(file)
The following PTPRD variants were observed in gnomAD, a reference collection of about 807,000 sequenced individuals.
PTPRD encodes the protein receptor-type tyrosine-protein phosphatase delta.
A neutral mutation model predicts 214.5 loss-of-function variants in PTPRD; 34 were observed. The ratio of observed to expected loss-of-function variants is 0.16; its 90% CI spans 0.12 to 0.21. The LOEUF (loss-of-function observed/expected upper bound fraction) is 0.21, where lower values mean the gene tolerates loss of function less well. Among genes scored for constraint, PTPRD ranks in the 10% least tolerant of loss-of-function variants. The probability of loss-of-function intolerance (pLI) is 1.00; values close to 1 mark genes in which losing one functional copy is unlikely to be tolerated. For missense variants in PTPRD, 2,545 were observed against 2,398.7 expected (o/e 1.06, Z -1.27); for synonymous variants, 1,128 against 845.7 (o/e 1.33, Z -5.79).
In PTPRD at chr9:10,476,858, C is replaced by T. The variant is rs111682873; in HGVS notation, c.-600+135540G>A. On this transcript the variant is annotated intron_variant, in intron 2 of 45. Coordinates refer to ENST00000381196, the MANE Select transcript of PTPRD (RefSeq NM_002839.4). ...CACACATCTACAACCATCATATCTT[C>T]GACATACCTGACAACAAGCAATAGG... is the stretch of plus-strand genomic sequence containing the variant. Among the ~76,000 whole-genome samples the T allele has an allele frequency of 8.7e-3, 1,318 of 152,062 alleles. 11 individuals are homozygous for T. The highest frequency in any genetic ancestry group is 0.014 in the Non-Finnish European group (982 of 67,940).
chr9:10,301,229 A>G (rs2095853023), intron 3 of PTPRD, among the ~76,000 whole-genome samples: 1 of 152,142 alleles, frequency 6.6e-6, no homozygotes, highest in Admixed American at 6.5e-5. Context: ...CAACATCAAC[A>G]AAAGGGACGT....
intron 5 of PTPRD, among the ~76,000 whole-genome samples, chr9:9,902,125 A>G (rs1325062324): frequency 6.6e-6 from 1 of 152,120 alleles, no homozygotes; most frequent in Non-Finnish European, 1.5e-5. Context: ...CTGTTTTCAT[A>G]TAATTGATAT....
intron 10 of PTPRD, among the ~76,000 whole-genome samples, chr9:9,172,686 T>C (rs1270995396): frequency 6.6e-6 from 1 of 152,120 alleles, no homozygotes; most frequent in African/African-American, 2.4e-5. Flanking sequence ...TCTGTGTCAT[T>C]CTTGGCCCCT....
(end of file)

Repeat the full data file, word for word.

The following PTPRD variants were observed in gnomAD, a reference collection of about 807,000 sequenced individuals.
PTPRD encodes the protein receptor-type tyrosine-protein phosphatase delta.
A neutral mutation model predicts 214.5 loss-of-function variants in PTPRD; 34 were observed. The ratio of observed to expected loss-of-function variants is 0.16; its 90% CI spans 0.12 to 0.21. The LOEUF (loss-of-function observed/expected upper bound fraction) is 0.21, where lower values mean the gene tolerates loss of function less well. Among genes scored for constraint, PTPRD ranks in the 10% least tolerant of loss-of-function variants. The probability of loss-of-function intolerance (pLI) is 1.00; values close to 1 mark genes in which losing one functional copy is unlikely to be tolerated. For missense variants in PTPRD, 2,545 were observed against 2,398.7 expected (o/e 1.06, Z -1.27); for synonymous variants, 1,128 against 845.7 (o/e 1.33, Z -5.79).
In PTPRD at chr9:10,476,858, C is replaced by T. The variant is rs111682873; in HGVS notation, c.-600+135540G>A. On this transcript the variant is annotated intron_variant, in intron 2 of 45. Coordinates refer to ENST00000381196, the MANE Select transcript of PTPRD (RefSeq NM_002839.4). ...CACACATCTACAACCATCATATCTT[C>T]GACATACCTGACAACAAGCAATAGG... is the stretch of plus-strand genomic sequence containing the variant. Among the ~76,000 whole-genome samples the T allele has an allele frequency of 8.7e-3, 1,318 of 152,062 alleles. 11 individuals are homozygous for T. The highest frequency in any genetic ancestry group is 0.014 in the Non-Finnish European group (982 of 67,940).
chr9:10,301,229 A>G (rs2095853023), intron 3 of PTPRD, among the ~76,000 whole-genome samples: 1 of 152,142 alleles, frequency 6.6e-6, no homozygotes, highest in Admixed American at 6.5e-5. Context: ...CAACATCAAC[A>G]AAAGGGACGT....
intron 5 of PTPRD, among the ~76,000 whole-genome samples, chr9:9,902,125 A>G (rs1325062324): frequency 6.6e-6 from 1 of 152,120 alleles, no homozygotes; most frequent in Non-Finnish European, 1.5e-5. Context: ...CTGTTTTCAT[A>G]TAATTGATAT....
intron 10 of PTPRD, among the ~76,000 whole-genome samples, chr9:9,172,686 T>C (rs1270995396): frequency 6.6e-6 from 1 of 152,120 alleles, no homozygotes; most frequent in African/African-American, 2.4e-5. Flanking sequence ...TCTGTGTCAT[T>C]CTTGGCCCCT....